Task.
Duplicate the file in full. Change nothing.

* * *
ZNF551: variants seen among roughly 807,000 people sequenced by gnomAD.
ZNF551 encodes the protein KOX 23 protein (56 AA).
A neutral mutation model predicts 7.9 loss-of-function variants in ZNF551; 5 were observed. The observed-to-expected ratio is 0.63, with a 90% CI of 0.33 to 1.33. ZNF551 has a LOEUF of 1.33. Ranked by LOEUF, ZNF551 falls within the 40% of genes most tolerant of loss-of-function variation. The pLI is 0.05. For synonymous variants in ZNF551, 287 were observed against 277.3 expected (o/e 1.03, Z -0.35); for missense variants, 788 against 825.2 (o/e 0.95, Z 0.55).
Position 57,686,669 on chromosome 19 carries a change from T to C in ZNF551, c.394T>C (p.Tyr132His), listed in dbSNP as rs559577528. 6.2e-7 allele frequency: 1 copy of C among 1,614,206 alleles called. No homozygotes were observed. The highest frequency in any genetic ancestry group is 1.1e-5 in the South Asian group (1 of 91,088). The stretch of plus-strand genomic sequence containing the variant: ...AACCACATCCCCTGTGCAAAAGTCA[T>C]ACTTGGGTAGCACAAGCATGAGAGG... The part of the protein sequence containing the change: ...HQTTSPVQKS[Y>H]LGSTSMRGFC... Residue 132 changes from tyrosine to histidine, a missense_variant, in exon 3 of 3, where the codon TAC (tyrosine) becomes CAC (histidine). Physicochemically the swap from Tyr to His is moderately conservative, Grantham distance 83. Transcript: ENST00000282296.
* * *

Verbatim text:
ZNF551: variants seen among roughly 807,000 people sequenced by gnomAD.
ZNF551 encodes the protein KOX 23 protein (56 AA).
A neutral mutation model predicts 7.9 loss-of-function variants in ZNF551; 5 were observed. The observed-to-expected ratio is 0.63, with a 90% CI of 0.33 to 1.33. ZNF551 has a LOEUF of 1.33. Ranked by LOEUF, ZNF551 falls within the 40% of genes most tolerant of loss-of-function variation. The pLI is 0.05. For synonymous variants in ZNF551, 287 were observed against 277.3 expected (o/e 1.03, Z -0.35); for missense variants, 788 against 825.2 (o/e 0.95, Z 0.55).
Position 57,686,669 on chromosome 19 carries a change from T to C in ZNF551, c.394T>C (p.Tyr132His), listed in dbSNP as rs559577528. 6.2e-7 allele frequency: 1 copy of C among 1,614,206 alleles called. No homozygotes were observed. The highest frequency in any genetic ancestry group is 1.1e-5 in the South Asian group (1 of 91,088). The stretch of plus-strand genomic sequence containing the variant: ...AACCACATCCCCTGTGCAAAAGTCA[T>C]ACTTGGGTAGCACAAGCATGAGAGG... The part of the protein sequence containing the change: ...HQTTSPVQKS[Y>H]LGSTSMRGFC... Residue 132 changes from tyrosine to histidine, a missense_variant, in exon 3 of 3, where the codon TAC (tyrosine) becomes CAC (histidine). Physicochemically the swap from Tyr to His is moderately conservative, Grantham distance 83. Transcript: ENST00000282296.